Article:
presents a transition between stretched exponential to

Gaussian form. This behavior may be associated with

the slow flows, which have temporal scales in the range

of one to several days. Similar result was also obtained

by Burlaga and Vin ˜ as (2004) for lag of 1.3 days. Now,

the PDF for r4¼ 83:3 days, presents a Gaussian format,

where according to Burlaga and Vin ˜ as (2004), this

Gaussian behavior maybe showing a variety of flows

characteristic of a particular epoch of the solar cycle

activity.

Fig. 4 presents also the theoretical and experimental

semi-logarithmic plots of pqðxrÞ versus xrat same scales

for proton density for 1997. We observe that the

theoretical results (solid lines) are in good agreement

with measurements across spatial scales spanning three

orders of magnitude and a range of up to 5 standard

deviations. Also, we performed the correlation coeffi-

cient between experimental and theoretical PDF for

each scale, as shown in Table 2. Again, we can observer

the higher values for correlation coefficient for all scales,

showing good agreement between experimental data and

our model. We can observe that all the PDFs exhibit

stronger non-Gaussian behavior than the solar wind

velocity PDFs. This distinct behavior between both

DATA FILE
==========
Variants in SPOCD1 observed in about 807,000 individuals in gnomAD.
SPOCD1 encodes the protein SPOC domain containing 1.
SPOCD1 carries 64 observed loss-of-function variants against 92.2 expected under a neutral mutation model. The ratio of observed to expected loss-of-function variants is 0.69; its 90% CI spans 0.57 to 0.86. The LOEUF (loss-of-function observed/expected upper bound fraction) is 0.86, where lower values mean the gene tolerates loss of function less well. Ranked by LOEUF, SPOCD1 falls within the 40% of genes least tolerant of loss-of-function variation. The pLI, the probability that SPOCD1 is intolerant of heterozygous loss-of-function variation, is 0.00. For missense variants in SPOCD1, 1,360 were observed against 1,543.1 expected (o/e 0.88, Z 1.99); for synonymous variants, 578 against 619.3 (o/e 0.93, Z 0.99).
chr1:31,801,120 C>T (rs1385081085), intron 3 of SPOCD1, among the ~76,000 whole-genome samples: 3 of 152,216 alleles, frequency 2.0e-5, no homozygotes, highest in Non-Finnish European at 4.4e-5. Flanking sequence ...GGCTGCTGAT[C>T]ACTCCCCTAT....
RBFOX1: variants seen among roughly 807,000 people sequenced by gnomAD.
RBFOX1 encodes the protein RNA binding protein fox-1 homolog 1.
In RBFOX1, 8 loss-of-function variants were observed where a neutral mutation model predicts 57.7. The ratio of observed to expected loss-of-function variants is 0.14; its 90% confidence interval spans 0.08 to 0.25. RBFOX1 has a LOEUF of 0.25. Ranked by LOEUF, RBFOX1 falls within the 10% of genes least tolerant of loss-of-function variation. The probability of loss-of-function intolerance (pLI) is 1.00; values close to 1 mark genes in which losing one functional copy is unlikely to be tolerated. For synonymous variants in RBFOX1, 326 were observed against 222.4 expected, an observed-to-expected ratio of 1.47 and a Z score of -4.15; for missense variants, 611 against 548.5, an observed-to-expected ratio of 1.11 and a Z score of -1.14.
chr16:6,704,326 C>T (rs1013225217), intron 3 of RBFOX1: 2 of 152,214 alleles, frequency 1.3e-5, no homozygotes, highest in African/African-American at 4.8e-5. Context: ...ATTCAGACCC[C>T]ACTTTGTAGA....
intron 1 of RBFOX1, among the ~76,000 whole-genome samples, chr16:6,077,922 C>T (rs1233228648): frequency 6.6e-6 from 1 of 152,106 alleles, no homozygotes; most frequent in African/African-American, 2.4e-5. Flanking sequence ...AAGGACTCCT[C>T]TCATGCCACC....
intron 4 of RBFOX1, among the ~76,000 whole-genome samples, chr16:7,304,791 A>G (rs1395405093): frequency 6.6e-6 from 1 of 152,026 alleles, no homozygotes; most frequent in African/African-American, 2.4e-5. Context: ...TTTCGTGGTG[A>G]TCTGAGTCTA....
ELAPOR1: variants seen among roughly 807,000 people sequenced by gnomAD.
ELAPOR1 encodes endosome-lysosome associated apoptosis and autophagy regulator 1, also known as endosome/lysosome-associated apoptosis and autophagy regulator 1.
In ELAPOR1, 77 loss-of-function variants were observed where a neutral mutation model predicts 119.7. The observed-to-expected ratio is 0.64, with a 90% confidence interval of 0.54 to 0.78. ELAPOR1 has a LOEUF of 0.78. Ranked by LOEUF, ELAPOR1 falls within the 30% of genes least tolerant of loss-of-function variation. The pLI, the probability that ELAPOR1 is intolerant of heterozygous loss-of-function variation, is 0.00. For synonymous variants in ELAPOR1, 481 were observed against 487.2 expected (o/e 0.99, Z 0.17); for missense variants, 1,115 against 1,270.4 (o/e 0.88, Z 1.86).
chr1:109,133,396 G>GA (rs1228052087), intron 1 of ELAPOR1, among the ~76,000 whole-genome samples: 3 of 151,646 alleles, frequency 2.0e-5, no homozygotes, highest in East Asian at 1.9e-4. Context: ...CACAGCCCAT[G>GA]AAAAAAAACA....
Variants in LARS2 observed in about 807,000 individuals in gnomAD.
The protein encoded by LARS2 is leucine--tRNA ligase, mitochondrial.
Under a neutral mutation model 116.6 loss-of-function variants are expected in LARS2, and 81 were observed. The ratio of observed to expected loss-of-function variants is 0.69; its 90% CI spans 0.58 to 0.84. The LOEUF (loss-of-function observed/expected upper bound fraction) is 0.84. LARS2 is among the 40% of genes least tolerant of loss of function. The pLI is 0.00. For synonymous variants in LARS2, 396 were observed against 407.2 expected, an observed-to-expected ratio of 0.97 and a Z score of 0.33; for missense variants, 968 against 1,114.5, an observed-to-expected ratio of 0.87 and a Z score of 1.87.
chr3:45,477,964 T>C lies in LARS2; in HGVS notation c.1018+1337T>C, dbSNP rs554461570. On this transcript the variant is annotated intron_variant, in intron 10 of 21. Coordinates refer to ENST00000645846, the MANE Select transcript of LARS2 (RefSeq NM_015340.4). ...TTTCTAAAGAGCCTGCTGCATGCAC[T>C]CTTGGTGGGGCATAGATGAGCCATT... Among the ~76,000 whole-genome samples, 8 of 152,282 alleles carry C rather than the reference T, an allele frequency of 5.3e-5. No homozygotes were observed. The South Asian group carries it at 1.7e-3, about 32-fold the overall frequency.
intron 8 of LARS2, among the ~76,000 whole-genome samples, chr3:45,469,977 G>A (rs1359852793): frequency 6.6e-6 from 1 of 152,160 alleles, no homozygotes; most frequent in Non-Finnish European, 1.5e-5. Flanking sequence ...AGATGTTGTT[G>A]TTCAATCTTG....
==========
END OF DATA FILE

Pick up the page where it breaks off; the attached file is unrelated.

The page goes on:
variables is due the peculiar characteristic of passive-

scalar as pointed by Warhaft (2000) and Basu et al.

(2003). This is an interesting aspect of differences

between both variables.

To study more closely this distinct behavior in both

the variables, we also estimated the variation with scale

of parameter q and plotted the parameter q by increment

r for both quantities and for both years, as shown in

Fig. 5. As a first analysis, we note that the four curves

have similar behavior, where the parameter q value

decreases as r grows. Katul et al. (1994), using a

parameter related to scale kurtosis—the wavelet flatness

factor (FF), have shown that in the inertial subrange

ARTICLE IN PRESS

Fig. 4. Theoretical and experimental PDFs for the proton density in 1997.

Table 2

Correlation coefficients between experimental and theoretical

PDF to four increment scales for proton density time-series,

1997

Increment r

Correlation coefficient (%)

2

20

200

2000

98.10

99.20

97.64

99.04

M. Jose ´ Alves Bolzan et al. / Journal of Atmospheric and Solar-Terrestrial Physics 67 (2005) 1843–1851